Matching family tree profiles for Dea. George Alcock
About Dea. George Alcock
George Alcock (1605 - 1640), son of John Alcock (1550 - 1610) and Alice Alrich (1568 - 1633), was born 25 March 1605 in Cambridge, England; and died at the age of 35 on 30 December 1640 in Roxbury, Suffolk County, Massachusetts. George Alcock married Anne Hooker, sister of Reverend Thomas E. Hooker II, in 1630 in England.
Date and place of birth have also been (erroneously?) reported to be the following:
- 1586 at an unspecified location
- circa 1587 / before 1588 at Impington, Cambridgeshire, England
- 1605 was the birth year
They came to America in 1630 aboard the Arbella, with the Winthrop Fleet. George Alcock was made Freeman on 18 May 1631 and became a Deacon of the Dorchester church , but soon became member number 51 of the new church at Rocksbrough (present Roxbury), Massachusetts. He raised livestock and was a butcher. He made two return visits to England between 1630 and 1640, bringing back his son John and a wife with whom he had his second son, Samuel.
Marriages and Children
- Anne Hooker (circa 1586 - 1667), married 1614 England
- John Alcock b 1626 in England
- Elizabeth in England ;she married again, April 1641, Henry Dingham, of Watertown, Mass., a surgeon.
- Samuel Alcock b Apr 16 1637 in Roxbury
Abstract of Will of George Alcock. (gen. Reg. n. 104.) 22 day 11th, called December, Anno Domini 1640.
The last "Will & Testament wch I George Alcock of Roxbury in N: E: doe make, havinge yet my perfect vnderstandinge and memory according to the measure thereof.
Debts to be paid both in owld England & in new. My debt of 40£. to my sonne John, woi I have of his in my hands.— Wife to have £100, to be paid her in whatsoever she shall chuse.— Brother Thomas Alcocke of Dedham all that he oweth me, & my Heifer w0" is wth calfe, wh came of the great Cow, if my goodes will howld out, else he shall have only hir Calfe, & I give his 2 children each of them 2.lb- To our brother Edward Porter, 20 bushles of Indian Come, & to our brother Chandler, the monye he oweth me.— To Elizabeth Blandfeild 2', she shall (be) put forth where she may be well educated.— To my servant Joseph Wise, my young heifer, & the rest of his time, from after mid-somer next.— To my servant, John Plimton, his time from after midsomer, for 5l — My youngest sone shall have the silver bowles, & my wife the silver spoons.— My house and lands to be improved for the best, for the education of my children, and the half e of ye revenue of the farme shall be to educate my sone John in learninge, together wtb the wisest improvement of his 40'—The other half to educate sone Samuell, for 7 yeares, beginning from y 1st daye of ye 11 month, called January, about w011 time expired, my sone John will be 21 yeares of age.— Part of the debts to my brother Carwithy be layde out on the 2 Cowes I had of Mr Perkins.— My lovinge brethren, Phillip Eliot & William Park be my executors. My brother Mr Hooker, Mr Welde, Mr Eliot, Isaac Heath to overseers.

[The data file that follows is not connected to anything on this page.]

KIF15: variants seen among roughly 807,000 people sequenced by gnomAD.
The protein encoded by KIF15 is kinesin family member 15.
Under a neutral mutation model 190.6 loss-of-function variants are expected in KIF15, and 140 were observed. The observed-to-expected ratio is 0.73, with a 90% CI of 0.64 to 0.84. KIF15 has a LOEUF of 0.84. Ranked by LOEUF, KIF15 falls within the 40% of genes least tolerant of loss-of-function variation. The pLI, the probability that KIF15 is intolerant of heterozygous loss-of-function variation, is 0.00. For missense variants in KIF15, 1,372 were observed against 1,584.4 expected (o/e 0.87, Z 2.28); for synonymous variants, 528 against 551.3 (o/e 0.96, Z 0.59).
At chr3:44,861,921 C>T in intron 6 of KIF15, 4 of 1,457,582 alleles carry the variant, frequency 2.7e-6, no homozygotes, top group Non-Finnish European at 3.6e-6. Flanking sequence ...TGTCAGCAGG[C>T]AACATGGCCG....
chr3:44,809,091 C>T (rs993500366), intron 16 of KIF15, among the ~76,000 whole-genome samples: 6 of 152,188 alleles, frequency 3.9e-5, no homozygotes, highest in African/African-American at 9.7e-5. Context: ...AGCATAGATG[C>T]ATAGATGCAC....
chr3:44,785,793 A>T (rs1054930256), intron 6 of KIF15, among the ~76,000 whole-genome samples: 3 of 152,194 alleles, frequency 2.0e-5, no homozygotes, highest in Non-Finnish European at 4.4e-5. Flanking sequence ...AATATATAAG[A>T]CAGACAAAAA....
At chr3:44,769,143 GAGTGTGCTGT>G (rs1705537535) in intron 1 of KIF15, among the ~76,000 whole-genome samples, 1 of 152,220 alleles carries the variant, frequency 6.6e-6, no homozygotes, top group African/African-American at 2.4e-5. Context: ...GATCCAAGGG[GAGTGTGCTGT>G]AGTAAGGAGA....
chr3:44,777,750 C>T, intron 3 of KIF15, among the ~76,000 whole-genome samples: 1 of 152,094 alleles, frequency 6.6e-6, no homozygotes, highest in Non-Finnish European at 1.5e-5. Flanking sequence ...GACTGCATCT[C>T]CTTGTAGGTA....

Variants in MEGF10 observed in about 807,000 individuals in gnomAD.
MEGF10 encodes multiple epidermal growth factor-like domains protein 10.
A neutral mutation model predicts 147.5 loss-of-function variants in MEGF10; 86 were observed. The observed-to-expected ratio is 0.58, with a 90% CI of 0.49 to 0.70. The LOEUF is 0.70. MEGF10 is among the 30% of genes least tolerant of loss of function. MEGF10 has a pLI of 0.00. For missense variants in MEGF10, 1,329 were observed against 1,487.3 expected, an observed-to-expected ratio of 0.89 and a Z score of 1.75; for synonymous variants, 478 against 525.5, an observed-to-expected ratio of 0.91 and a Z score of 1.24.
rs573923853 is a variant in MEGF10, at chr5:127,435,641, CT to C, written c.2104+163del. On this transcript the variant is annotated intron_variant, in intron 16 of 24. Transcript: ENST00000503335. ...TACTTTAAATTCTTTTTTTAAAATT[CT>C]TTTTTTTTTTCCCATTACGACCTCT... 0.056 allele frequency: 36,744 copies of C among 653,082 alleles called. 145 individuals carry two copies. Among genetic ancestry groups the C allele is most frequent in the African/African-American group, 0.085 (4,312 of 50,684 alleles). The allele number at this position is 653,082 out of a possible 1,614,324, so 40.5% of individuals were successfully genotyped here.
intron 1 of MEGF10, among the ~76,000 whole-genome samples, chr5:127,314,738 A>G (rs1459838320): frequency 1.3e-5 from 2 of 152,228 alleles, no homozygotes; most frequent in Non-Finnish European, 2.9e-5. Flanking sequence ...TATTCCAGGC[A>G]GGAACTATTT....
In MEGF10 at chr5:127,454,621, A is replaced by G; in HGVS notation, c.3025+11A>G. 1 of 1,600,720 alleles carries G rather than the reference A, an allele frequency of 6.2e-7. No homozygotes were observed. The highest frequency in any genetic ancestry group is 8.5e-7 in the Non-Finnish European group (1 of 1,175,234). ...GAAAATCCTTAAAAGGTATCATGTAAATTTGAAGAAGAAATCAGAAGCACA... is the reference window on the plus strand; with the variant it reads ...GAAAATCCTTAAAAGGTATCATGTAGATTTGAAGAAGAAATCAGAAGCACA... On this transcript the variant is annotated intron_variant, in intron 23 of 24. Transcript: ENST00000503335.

George Alcocke. Witnesses Tho Welde Thorn Alcocke (28) 11: 1640.
From Descent of Comfort Sands and of His Children, with Notes on the Families of Ray, Thomas, Guthrie, Alcock, Palgrave, Cornell, Dodge, Hunt, Jessup (Google eBook) Temple Prime De Vinne Press, 1886 - Genealogy - 91 pages. Page 57:
Account of George Alcock.
He was a physician at Roxbury, who came over in the fleet with Governor Winthrop in 1630, bringing with him his first wife, who died not long afterwards; applied for admission as freeman October 19th 1630, admitted as such May 18th 1631; deacon at Dorchester; representative at the first court held May 14th 1634, as well as on other occasions, deacon at Roxbury. He went back to England to bring his son John to America, and during this visit, or the next, he married his second wife. The church record on the occasion of his death, says: "He left a good name behind him, the poor of the church much bewailing his loss."
His homestead in Roxbury, consisting of 5 acres, was situated on the south side of Bartlett street, near Lambert, having Thomas Dudley on the north, John Dane on the south, a highway on the east and the meeting-house common on the west; it passed to the heirs of Joshua Lamb, who married May Alcock, his granddaughter. He also owned 20 acres of upland and marsh on the east side of the Neck, extending from the line near the "Bull pasture" to the burying-ground; this also passed to the representatives of his granddaughter, Mrs. Lamb
The colonists who settled at Roxbury came mostly from London and its vicinity and from Nazing, a village in Essex; a few came from the West of England; they were people of substance, many of them farmers, none being of the poorer sort.
- Francis Samuel Drake. The town of Roxbury: its memorable persons and places, its history; page 363.
- Pope's Pioneers of Massachusetts page 12
Dea. George Alcock's Timeline
April 22, 1592
March 25, 1605
Cambridge, Cambridgeshire, England
May 7, 1617
January 1, 1627
Leicester, Leicestershire, England
April 16, 1637
Roxbury, Suffolk, MA, USA
December 30, 1640
Roxbury, Suffolk County, Massachusetts
December 30, 1640
Boston, Suffolk County, Massachusetts, United States
April 12, 1972